“We need to understand the cause and prevalence of these conditions to better understand the role [unconventional] natural gas can play in greenhouse gas emission mitigation,” Garvin Heath of the US National Renewable Energy Laboratory told environmentalresearchweb, “and to verify the estimates found through lifecycle assessment with a robust set of measurements at all scales – component to continental – and in different locations and times.”

What makes the difference, it seems, is the way the shale gas is produced. Shale wells with low lifetime production and high emissions from liquids unloading – a periodic clearing of built-up liquids and debris from the well – had the largest lifecycle greenhouse gas emissions, Heath and colleagues from the US National Renewable Energy Laboratory and Joint Institute for Strategic Energy Analysis found. The most emitting liquids unloading processes could produce was around 200 g of carbon dioxide equivalent per kWh of electricity generated, potentially producing 30% of shale gas’s entire lifecycle emissions.

The US Environmental Protection Agency’s most recent New Source Performance Standard and National Emissions Standards for Hazardous Air Pollutants rules do not address liquids unloading, the team notes in PNAS.

To investigate, the researchers harmonized results from nearly 100 lifecycle assessments, as well as carrying out a sensitivity analysis for well completion, well recompletion and liquids unloading. To create (“complete”) a shale gas well, liquids are forced underground at high pressure to fracture the rock and allow trapped gas to flow out, in a process known as hydraulic fracturing or fracking. This process may also be repeated later to extend the lifetime of the well, in what’s known as recompletion. Shale gas lifecycle emissions were most sensitive to assumptions about liquids unloading, the study showed.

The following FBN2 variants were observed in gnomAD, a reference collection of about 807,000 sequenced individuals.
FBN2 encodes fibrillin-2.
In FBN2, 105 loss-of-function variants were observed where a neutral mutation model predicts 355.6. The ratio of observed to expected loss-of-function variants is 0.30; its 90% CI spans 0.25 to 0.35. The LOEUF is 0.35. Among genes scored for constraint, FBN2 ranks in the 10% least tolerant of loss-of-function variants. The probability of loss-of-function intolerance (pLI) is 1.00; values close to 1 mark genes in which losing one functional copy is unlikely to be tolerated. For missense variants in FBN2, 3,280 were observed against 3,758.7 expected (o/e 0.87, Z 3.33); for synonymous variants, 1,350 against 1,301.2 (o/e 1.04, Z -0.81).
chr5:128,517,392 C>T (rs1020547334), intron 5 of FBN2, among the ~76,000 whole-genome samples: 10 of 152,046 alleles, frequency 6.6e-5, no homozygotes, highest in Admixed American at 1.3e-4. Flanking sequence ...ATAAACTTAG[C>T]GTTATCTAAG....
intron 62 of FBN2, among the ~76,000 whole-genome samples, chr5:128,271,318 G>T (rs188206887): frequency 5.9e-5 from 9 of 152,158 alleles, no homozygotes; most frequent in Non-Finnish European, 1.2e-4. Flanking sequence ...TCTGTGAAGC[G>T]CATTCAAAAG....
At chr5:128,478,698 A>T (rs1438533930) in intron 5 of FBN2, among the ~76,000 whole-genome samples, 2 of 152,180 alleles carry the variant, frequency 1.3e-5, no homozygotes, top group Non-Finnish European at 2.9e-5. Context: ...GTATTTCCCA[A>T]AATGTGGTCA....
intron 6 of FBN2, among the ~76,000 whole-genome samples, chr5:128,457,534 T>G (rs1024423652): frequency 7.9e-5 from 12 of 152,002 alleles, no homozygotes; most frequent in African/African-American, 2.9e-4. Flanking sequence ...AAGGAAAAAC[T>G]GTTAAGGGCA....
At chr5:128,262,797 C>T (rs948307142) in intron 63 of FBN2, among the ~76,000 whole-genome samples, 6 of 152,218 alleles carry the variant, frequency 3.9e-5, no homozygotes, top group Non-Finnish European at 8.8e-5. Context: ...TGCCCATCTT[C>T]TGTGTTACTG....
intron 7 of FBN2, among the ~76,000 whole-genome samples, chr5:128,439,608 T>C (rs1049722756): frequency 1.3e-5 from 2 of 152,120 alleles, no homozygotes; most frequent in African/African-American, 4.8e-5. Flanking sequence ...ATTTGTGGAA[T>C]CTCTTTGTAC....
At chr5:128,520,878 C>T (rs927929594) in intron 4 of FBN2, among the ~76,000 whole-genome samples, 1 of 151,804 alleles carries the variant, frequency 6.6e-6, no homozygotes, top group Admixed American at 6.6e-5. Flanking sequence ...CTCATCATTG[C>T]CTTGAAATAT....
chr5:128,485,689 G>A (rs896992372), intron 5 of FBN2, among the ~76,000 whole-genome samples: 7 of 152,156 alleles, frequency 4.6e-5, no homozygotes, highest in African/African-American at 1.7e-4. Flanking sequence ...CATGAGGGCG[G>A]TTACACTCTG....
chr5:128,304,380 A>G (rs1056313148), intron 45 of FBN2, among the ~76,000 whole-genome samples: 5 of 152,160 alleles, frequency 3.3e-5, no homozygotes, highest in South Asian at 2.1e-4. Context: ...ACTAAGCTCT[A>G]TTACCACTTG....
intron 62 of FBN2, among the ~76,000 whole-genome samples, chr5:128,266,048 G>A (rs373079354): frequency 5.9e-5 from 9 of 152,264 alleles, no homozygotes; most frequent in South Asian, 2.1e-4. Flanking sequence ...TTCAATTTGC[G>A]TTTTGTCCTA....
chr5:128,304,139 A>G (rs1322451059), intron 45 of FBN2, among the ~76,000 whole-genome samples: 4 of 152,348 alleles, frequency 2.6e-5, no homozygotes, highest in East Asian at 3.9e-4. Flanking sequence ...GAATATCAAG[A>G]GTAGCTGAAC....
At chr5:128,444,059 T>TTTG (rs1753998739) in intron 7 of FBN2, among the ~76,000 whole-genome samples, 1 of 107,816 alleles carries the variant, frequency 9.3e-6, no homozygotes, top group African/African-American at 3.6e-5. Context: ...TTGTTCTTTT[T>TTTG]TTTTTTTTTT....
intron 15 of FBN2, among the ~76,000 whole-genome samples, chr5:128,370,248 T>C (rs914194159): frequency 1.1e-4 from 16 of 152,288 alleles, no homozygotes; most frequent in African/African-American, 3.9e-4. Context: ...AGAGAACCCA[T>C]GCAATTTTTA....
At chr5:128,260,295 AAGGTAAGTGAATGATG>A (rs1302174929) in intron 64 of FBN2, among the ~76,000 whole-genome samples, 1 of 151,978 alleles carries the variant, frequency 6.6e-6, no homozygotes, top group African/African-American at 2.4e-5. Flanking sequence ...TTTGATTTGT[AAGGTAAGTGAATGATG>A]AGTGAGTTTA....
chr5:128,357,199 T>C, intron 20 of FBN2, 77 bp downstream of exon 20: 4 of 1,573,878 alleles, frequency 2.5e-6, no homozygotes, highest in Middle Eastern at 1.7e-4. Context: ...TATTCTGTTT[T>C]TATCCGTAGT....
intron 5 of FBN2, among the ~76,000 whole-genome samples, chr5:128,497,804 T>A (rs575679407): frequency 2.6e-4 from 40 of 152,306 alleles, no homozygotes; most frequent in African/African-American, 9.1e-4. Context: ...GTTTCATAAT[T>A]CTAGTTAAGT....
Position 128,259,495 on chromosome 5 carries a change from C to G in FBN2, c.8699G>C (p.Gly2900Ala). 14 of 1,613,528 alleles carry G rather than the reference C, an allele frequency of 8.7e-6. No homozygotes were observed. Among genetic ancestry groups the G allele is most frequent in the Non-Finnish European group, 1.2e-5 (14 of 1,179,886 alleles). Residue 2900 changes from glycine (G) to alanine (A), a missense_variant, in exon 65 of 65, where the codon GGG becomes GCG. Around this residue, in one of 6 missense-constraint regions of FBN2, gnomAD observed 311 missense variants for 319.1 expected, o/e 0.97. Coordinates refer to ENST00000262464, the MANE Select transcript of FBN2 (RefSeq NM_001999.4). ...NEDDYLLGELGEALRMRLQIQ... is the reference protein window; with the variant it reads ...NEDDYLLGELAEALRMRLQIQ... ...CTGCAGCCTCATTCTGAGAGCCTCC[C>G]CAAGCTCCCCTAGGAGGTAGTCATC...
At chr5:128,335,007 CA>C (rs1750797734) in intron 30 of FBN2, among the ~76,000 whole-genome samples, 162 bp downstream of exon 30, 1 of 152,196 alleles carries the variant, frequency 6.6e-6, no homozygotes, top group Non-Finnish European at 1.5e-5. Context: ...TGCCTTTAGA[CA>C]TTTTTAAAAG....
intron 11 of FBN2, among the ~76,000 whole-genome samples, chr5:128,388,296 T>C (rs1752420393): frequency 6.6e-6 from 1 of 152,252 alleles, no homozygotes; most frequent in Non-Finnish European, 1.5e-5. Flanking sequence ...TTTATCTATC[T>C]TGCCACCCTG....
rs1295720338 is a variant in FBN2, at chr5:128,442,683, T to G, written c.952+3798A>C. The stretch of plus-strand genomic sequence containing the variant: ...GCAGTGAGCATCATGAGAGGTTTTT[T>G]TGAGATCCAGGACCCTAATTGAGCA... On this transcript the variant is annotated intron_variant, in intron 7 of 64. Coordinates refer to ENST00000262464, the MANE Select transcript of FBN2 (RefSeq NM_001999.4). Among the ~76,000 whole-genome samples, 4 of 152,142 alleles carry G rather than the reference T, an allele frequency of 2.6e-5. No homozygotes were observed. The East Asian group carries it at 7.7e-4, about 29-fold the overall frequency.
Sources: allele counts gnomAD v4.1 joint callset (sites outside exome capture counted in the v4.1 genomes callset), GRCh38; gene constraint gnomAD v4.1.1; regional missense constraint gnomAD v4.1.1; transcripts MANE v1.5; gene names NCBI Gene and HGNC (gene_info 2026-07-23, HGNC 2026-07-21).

Only the hydraulic fracturing process and subsequent flowback of the liquid to the surface are unique to shale gas, compared with conventional gas, the team stressed.

“We have clarified that the lifecycle greenhouse gas emission profile of natural gas somewhat depends on how it is produced, in addition to the thermal conversion efficiency of how it is used [to produce electricity],” said Heath. “We need to investigate this further to assure the climate mitigation potential of natural gas.”

To harmonize the lifecycle assessments, the team altered factors such as the unit of measurement of greenhouse gas, the assumed thermal efficiency of the power plant, the global warming potential of methane in line with the latest IPCC assessment, and more. The team did not harmonize methane leakage rates as the values reported covered a wide range, and new measurements of this parameter are underway.

“Harmonization is a meta-analytical technique that follows state of the science procedures for systematic review of prior work with an approach that ensures fair comparisons between two independently produced estimates of lifecycle greenhouse gas emissions by ‘harmonizing’ certain technical assumptions and methodological choices,” said Heath. “Transparency in our method and results is highlighted, with users able to adjust results to reflect their own choices on the harmonized factors. Harmonization is distinct from other meta-analytical techniques such as Monte Carlo, which is more statistically focused and requires assumptions to construct the input probability distribution functions on many parameters we don’t have much information about.”

The team’s harmonization process for a subset of the 100 lifecycle assessments resulted in median emissions values of 465 g CO2e/kWh for shale plus unconventional gas and 461 g CO2e/kWh for conventional natural gas.

Heath plans to continue his work on lifecycle assessments in order to help the interpretation of results for decision-making about energy choices. “In addition, I am helping to lead a new study that aims to reconcile the divergence in results between measurements of methane emissions and those derived from an approach analogous to lifecycle assessment – inventories, such as the US EPA’s national greenhouse gas inventory,” he said.

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